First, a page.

Anyone who loves cars knows that buying a new car isn't just exciting; it’s like starting a romance.
Make, model, color, horsepower, seating options, fuel mileage, power-equipment packages, warranty, GPS, Bluetooth connectivity, iPod docks - all of these are critical considerations, right? And don't forget about getting a great purchase price and the potential resale value when it comes time to replace ol' Betsy in a few years.
But what about safety features? After all, just like love, there are some practical aspects that have to be considered when buying a new car; not every decision can be made with your heart. Some still have to be made with your head.
It’s easy to assume that all the safety stuff has been sorted out by the auto industry and that all new cars are pretty much the same, but the reality is that there are still some very big differences in safety features between new cars today, even amongst different models from the same automaker. A lot of time has passed since the steel coffins of the 1950's and 60's plied the motorways, and since that time some great (and occasionally not-so-great) ideas have been developed to make our automobiles both safer and more efficient, but it's up to you to make sure you take advantage of these improvements in your next purchase.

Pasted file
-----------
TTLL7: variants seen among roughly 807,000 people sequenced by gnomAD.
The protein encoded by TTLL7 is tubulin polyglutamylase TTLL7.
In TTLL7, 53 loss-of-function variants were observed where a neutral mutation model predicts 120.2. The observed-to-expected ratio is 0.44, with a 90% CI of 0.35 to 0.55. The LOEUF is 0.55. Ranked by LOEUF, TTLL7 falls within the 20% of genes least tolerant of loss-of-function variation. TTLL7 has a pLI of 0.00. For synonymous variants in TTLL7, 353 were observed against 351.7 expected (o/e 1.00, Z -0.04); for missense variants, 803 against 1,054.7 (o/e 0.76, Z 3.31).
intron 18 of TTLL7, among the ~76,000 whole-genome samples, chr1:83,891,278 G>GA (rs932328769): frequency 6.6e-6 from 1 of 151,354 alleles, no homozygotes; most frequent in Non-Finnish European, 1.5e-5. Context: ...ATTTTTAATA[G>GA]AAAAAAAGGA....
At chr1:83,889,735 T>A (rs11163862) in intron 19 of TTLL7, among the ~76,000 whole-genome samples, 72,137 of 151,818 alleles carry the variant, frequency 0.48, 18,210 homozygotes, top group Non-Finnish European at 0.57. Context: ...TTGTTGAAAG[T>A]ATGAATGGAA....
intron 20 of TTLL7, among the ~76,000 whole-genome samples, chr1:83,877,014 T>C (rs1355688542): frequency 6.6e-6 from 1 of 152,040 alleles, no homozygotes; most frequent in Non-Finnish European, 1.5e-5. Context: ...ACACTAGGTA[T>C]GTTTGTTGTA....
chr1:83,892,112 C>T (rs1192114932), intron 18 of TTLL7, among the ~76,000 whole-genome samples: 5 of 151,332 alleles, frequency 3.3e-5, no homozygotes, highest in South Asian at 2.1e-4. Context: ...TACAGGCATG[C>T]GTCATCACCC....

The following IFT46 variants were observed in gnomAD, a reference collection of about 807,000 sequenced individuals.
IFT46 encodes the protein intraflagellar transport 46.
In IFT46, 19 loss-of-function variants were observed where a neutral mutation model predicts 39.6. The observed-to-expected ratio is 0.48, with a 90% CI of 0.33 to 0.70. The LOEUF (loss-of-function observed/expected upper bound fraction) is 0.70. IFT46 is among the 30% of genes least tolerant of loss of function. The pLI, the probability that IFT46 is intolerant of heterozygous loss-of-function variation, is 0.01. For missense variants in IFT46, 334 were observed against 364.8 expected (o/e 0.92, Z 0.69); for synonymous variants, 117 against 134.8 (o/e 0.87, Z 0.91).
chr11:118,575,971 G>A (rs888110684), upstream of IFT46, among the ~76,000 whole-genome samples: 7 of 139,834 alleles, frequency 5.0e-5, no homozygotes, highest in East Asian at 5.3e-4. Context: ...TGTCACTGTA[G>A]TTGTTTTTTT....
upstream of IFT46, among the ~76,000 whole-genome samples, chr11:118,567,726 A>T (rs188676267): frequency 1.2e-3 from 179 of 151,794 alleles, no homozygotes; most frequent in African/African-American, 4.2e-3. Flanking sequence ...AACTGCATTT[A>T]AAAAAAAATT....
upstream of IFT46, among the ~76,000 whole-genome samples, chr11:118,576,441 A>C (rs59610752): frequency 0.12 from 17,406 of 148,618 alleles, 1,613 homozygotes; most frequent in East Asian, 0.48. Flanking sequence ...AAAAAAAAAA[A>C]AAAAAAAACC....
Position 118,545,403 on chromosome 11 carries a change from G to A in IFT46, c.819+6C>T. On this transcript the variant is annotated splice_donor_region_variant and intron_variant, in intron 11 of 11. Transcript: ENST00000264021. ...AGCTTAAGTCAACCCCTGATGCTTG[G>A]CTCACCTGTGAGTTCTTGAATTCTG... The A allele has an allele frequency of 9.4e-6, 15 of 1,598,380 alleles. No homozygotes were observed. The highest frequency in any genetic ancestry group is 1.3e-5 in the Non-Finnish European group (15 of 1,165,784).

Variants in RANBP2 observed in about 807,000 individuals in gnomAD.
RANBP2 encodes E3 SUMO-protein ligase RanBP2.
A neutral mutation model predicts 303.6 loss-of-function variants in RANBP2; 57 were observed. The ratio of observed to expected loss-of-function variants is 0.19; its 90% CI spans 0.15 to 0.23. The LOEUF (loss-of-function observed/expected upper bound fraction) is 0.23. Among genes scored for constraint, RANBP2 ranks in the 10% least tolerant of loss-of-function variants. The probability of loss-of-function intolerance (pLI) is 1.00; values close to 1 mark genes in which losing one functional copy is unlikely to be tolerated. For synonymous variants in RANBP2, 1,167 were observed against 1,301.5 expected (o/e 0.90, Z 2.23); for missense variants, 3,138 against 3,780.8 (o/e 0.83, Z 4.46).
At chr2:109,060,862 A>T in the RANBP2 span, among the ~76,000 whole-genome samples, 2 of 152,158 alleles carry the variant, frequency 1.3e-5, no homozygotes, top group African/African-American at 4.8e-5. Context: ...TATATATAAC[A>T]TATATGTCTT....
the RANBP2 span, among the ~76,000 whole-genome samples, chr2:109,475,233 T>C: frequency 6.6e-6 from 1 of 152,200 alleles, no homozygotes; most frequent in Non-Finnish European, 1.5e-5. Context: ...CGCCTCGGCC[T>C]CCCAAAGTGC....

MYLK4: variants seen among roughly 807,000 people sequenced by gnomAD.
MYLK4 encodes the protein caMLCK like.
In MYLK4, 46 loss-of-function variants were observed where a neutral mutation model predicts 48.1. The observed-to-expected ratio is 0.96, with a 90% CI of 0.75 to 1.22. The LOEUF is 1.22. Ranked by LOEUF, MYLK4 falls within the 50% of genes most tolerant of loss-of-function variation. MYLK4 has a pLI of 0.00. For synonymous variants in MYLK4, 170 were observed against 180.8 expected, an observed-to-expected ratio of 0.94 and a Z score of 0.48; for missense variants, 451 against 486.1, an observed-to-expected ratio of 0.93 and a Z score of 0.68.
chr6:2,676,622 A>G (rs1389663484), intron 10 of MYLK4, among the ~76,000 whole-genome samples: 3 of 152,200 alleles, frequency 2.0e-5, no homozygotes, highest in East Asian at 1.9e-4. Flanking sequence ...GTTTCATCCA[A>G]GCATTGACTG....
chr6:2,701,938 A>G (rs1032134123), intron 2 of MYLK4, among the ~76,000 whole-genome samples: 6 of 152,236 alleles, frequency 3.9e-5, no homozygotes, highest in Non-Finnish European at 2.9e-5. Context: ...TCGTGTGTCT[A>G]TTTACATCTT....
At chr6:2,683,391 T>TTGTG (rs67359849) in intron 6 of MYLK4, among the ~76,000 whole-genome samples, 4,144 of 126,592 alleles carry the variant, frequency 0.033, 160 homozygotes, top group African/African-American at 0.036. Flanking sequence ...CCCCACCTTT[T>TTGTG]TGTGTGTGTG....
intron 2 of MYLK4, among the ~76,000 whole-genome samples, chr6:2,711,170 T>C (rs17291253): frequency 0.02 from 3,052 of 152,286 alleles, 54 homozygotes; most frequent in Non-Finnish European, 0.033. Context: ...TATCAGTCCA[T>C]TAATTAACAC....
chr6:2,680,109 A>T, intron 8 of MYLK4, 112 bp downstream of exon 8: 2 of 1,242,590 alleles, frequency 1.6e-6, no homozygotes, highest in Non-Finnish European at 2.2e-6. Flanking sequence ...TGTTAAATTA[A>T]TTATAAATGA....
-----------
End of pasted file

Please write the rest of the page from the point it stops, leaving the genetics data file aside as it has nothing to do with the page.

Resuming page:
Where To Start
Before your next new car purchase, be sure to do some careful research on whatever sweet set of wheels tickles your fancy, and compare it to other direct competitors. This is important because a small financial savings in initial purchase price could mean a big trade-off safety wise if you sacrifice key safety features for a lower price tag.
Basically, automobile safety features fall into two categories: active safety devices, and secondary safety devices.
Active safety devices are the features that are constantly working to keep you safe as you drive down the road. These include headlights, anti-lock brakes, stability control systems, and parking sensors.